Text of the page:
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Hensley, Ken: The Bronze Years 1973 - 1981

From 1973 until this very year (2019 at time of writing) one-time Uriah Heep man Ken Hensley has treated us to a huge amount of music outside of the band that he still can’t quite shake of his long standing link with. The first of these solo sojourns, Proud Words On A Dusty Shelf, arrived in 1973, when Hensley was still part of The ‘eep and very much ‘appy to be so. Together with 1975’s Eager To Please and 1980’s Free Spirit these three albums have been brought together under the banner The Bronze Years 1973-1980 by Cherry Red/HNE Records with a newly recorded DVD, which finds roughly an hours’ worth of new chat with man himself regarding the three albums re-released here and the era in which they were recorded.

Proud Words On A Dusty Shelf was written while the keyboard player and often overlooked singer was helping his main band through a purple patch of albums in the shape of The Magician’s Birthday, Sweet Freedom and Wonderworld, so maybe it isn’t too much of a surprise that a record featuring fellow Heepers in the shape of drummer Lee Kerslake and bassist Gary Thain doesn’t really stray too far from home. “When Evening Comes Again” starts the journey in quite raunchy rock n’ roll style but with one or two exceptions, from there things mellow out while remaining thoroughly recognisable. A reworked version of Heep’s “Rain” gives an interesting insight into a song Hensley felt should always have sounded this way, whereas “From Time To Time”, “Go Down” and “The Last Time” are wonderful meanders that whisk us back to a simpler time where complex music was presented in such an engaging way. If you’ve never heard this album, then this box is worth investing in for Proud Words On A Dusty Shelf alone.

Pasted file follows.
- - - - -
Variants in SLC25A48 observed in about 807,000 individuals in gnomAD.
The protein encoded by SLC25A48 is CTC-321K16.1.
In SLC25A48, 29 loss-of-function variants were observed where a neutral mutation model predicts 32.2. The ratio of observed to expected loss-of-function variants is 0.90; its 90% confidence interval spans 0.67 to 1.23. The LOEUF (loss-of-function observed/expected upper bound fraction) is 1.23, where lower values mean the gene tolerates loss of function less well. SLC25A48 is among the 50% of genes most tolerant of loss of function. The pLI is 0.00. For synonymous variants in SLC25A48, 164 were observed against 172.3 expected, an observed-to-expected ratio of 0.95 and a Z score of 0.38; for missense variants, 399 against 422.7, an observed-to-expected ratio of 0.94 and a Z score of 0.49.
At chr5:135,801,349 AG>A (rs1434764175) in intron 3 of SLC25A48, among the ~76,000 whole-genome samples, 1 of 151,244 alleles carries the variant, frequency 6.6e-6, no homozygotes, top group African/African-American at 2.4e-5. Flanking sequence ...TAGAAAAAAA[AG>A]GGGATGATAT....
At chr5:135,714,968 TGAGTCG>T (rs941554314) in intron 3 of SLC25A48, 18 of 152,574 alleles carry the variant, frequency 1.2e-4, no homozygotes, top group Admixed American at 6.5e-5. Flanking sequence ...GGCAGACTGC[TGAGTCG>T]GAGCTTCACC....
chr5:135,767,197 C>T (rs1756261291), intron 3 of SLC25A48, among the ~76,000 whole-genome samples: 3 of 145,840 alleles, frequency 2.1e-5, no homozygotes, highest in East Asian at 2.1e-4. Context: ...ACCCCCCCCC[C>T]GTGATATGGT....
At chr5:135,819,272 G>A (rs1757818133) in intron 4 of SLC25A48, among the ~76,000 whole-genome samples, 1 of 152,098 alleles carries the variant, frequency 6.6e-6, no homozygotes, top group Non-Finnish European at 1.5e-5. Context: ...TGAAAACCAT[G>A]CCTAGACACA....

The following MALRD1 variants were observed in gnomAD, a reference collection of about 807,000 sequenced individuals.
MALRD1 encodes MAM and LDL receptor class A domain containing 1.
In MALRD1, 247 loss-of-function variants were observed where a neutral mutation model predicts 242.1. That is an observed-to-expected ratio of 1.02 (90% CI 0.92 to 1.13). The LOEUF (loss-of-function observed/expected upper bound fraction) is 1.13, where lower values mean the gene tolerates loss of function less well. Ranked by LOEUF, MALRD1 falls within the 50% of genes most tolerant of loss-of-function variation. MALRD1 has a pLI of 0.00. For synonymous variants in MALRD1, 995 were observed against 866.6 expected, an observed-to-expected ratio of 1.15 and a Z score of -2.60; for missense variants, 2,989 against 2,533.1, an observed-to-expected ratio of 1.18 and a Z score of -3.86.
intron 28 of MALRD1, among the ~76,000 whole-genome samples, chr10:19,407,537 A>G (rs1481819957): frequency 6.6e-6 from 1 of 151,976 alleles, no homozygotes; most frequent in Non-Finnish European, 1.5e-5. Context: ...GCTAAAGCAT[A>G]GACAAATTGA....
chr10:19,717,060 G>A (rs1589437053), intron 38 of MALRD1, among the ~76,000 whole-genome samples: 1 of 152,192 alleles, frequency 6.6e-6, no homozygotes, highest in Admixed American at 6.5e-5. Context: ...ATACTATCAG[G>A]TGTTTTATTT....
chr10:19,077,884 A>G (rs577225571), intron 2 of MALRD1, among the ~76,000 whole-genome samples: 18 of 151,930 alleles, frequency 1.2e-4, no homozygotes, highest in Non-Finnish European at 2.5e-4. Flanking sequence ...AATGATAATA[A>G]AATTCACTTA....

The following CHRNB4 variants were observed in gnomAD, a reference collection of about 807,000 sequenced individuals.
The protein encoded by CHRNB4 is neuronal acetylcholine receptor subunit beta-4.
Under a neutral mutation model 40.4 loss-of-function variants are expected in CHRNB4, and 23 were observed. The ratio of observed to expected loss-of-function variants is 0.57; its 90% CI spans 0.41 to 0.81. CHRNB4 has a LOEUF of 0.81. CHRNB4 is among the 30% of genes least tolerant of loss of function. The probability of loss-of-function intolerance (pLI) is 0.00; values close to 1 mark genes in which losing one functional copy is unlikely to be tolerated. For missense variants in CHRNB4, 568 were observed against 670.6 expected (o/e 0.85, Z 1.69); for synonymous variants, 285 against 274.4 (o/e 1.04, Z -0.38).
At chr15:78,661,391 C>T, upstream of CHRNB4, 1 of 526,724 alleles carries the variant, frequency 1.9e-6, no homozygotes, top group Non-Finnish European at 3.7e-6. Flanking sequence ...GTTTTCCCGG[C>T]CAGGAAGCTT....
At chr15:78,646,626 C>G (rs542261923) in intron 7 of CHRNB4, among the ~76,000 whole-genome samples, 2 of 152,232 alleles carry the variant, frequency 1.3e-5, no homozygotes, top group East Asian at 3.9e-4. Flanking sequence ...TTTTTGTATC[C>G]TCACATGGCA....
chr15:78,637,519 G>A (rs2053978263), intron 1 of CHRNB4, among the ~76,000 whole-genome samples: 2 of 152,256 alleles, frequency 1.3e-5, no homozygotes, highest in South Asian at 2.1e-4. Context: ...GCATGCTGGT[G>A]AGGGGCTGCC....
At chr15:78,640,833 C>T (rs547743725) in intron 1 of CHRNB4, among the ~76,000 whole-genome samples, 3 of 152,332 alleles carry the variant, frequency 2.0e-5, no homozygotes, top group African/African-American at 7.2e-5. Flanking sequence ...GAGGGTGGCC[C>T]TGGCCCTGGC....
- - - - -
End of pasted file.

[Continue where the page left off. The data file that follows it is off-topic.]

Not that Eager To Please allows the standard to slip, with the 1975 release continuing in a similar vein as Proud… although it did add a more expected harder edged bite to its predecessor’s lightness of touch. This time Hensley was joined by Mark Clarke on bass and Bugs Pemberton on drums, while handling the rest of the instrumentation and vocals alone. And while the lack of fellow Heep-mates could have been seen as signalling a move away from Hensley’s signature sound, the end results of tracks like “Through The Eyes Of A Child” and “In The Morning” is to merely offer a slightly different take on the main-man’s day job. Adding the single only “Who Will Sing For You” as a bonus track, while Eager To Please plays things a little safe it does so with class and grace, having aged remarkably well for an album that’s now the best part of 45 years old.